Natural-History-Conservation.com

Taxidermy Conservation course: Reading University Cole Museum of Zoology, 14th to 16th of May, 2019.

Where: Reading Museum Service Store, 2-4 Darwin Close, Reading RG2 0RB.

When: 14th to 16th of May, 2019.
Local host: Angela Houghton. Email: Angela.Houghton@reading.gov.uk
Tutor:Simon Moore MIScT, FLS, RScI, ACR, Conservator of Natural Sciences.

Schedule


Day 1. 10.00 start
. Introductions, local logistics, fire-exits, risks, allergies (please advise Simon Moore prior to course), loos and house Health & Safety rules.

Power-point of course outlines, problems &c this will outline the course, some of the problems you are likely to encounter.
Introduction to projects the idea is that each student should tackle as wide as possible the different techniques involved rather than just settle on one particular specimen/problem.
Look at pest damage as this is the most usual (pests are introduced during the PowerPoint presentation).
How to prevent pest damage basic Integrated Pest Management (IPM).
Ethics of Conservation vs. Restoration how far should one go?
Other deteriorative mechanisms humidity, temperature fluctuation will also be mentioned, along with fading.
How to manage these problems and remedy the resultant damage.

Practical sessions begin.

Practical select suitable specimen for treatment/s.

Tea/coffee break at agreeable time.
Lunch (1 hour) is not provided and you are advised to make own arrangements.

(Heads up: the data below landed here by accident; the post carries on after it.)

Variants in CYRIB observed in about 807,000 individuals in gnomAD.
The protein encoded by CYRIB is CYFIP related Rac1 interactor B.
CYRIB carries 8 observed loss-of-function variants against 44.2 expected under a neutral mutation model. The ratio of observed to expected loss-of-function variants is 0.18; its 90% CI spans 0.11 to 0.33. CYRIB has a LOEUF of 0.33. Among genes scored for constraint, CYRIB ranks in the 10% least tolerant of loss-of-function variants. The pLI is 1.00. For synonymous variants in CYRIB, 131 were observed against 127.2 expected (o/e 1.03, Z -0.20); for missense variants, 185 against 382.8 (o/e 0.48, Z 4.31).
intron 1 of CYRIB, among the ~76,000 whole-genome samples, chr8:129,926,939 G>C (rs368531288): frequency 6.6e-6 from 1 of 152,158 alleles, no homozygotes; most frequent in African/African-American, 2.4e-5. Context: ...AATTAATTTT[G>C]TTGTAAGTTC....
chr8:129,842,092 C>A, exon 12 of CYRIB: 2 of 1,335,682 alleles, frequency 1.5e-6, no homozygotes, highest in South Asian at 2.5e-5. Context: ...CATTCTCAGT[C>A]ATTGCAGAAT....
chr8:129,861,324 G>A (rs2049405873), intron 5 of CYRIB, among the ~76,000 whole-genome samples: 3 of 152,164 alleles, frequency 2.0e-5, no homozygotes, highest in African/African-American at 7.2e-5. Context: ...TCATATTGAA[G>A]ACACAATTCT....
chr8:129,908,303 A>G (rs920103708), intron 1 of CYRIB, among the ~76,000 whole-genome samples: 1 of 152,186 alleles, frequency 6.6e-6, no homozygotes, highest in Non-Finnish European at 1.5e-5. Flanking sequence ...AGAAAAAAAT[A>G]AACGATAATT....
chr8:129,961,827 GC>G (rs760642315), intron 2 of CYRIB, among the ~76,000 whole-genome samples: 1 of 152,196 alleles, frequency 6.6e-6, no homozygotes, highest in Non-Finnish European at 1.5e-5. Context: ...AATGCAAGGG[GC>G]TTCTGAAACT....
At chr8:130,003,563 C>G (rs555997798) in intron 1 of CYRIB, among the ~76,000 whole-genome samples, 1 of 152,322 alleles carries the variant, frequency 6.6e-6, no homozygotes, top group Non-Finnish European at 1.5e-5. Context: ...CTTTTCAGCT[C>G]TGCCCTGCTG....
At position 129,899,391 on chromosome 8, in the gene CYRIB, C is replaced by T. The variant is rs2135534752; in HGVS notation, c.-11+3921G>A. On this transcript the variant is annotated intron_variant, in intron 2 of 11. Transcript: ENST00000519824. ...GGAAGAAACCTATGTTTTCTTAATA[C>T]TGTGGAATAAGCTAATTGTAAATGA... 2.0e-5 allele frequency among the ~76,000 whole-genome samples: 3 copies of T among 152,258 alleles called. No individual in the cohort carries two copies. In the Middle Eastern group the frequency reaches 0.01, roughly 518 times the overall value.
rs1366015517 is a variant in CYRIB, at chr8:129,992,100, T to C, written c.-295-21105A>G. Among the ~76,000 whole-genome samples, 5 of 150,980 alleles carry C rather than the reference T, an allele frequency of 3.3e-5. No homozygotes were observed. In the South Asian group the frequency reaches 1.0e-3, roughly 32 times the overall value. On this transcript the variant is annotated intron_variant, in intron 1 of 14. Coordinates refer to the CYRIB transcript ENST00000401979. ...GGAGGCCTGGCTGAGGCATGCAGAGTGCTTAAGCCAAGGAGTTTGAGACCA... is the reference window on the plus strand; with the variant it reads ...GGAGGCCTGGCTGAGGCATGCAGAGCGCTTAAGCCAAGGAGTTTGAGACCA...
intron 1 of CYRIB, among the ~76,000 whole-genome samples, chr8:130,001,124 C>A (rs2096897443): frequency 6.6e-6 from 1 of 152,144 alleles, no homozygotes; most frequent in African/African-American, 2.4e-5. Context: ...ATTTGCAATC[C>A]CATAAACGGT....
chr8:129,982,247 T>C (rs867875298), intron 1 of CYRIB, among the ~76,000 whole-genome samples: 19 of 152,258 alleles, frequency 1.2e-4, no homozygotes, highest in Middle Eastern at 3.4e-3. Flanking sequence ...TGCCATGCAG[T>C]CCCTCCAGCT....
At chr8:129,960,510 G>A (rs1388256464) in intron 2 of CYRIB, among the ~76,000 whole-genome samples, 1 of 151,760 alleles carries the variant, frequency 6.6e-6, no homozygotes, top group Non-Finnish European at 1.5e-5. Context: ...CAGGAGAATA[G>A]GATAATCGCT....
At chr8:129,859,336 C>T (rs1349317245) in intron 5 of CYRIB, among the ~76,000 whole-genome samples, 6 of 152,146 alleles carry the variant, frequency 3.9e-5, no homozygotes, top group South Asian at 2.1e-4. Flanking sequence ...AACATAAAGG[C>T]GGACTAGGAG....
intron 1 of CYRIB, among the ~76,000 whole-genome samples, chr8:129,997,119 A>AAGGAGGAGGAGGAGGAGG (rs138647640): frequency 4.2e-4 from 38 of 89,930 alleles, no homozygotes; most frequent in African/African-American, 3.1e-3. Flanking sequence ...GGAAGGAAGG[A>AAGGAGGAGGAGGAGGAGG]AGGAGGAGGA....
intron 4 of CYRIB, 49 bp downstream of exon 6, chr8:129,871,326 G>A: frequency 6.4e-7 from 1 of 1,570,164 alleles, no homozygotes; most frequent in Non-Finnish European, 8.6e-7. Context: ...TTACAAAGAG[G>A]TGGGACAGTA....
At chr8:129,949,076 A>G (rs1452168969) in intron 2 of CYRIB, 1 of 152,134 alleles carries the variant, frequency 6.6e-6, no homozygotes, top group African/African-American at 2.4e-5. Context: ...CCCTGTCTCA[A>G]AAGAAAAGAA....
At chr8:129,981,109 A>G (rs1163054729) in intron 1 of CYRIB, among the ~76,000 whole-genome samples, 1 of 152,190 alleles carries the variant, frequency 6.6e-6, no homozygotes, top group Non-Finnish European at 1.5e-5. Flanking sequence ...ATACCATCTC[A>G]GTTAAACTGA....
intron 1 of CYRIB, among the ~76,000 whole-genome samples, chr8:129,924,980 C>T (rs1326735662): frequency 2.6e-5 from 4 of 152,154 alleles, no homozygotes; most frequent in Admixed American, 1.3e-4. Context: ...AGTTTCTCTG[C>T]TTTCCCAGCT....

Afternoon continues with practical work until c. 17.00

Likely projects. Replacing unsuitable/missing glass eyes.
Dressing/rehydrating dried areas of skin and other keratins, including claws, beaks (Bollmann Ultra-soft). Treating rusted armatures. Dealing with fat-burnt areas.
Dealing with pest-damaged areas. Quantifying arsenic residues (if present).
Transplanting fur swatches. Straightening bent feathers, repairing broken/damaged feathers. Replacing damaged armature parts.
Use of Japanese tissues to repair/ restore damaged body parts, replacing skin eaten by pests and as a gap-fill.
Cleaning plumage, repairing and attaching detached feathers.
Cleaning fur and mammal specimens.
Neutralising and cleaning away mildew and other moulds.
Repairing dried plants in cases and repairing damage to paintwork and pastel-chalked backgrounds.

Cases (there are plenty available) and you are permitted to bring your one of your own (not too large please!). Opening cases that are sealed with tapes and/or framing beads, resealing cases against pest attack. Repairing case backs that have shrunk, warped and split.

Discussion on permitted pest fumigants (pyrethrum-based Constrain).

Day 2: 09.15 start
Practical sessions, continue working in more advanced problems once the student has required the basic knowledge and skills.

Day 3: 09.15 start
Practical sessions continue leading to a completion of each project. Brief verbal assessment of how students have coped with the course (time permitting).

Please bring with you if possible: lab coat, digital camera /phone, small hair-dryer, dissection instruments (including an old toothbrush) and artist paintbrushes. These will be provided for use but if you can bring some it will be most helpful.
** Please note that lunches are not provided and you will have to buy these yourself or bring your own. Tea, coffee and biscuits will be provided.


Cost for the course is 300.


Simon Moore MIScT, FLS, RScI, ACR Conservator of Natural Sciences.


Terms. Once attendance has been confirmed by e-mail, one third of the course fee will be payable in the event of a no-show or late cancellation. Notice of cancellation can only be accepted 2 weeks prior to the commencement of the course. If a pro-forma invoice is required in advance please advise Simon Moore (couteaufin@btinternet.com).


For more details about what we can do for you, or for a quote, please contact:
enquiries@natural-history-conservation.com
We are members of the United Kingdom Institute for Conservation of Historic and Artistic Works

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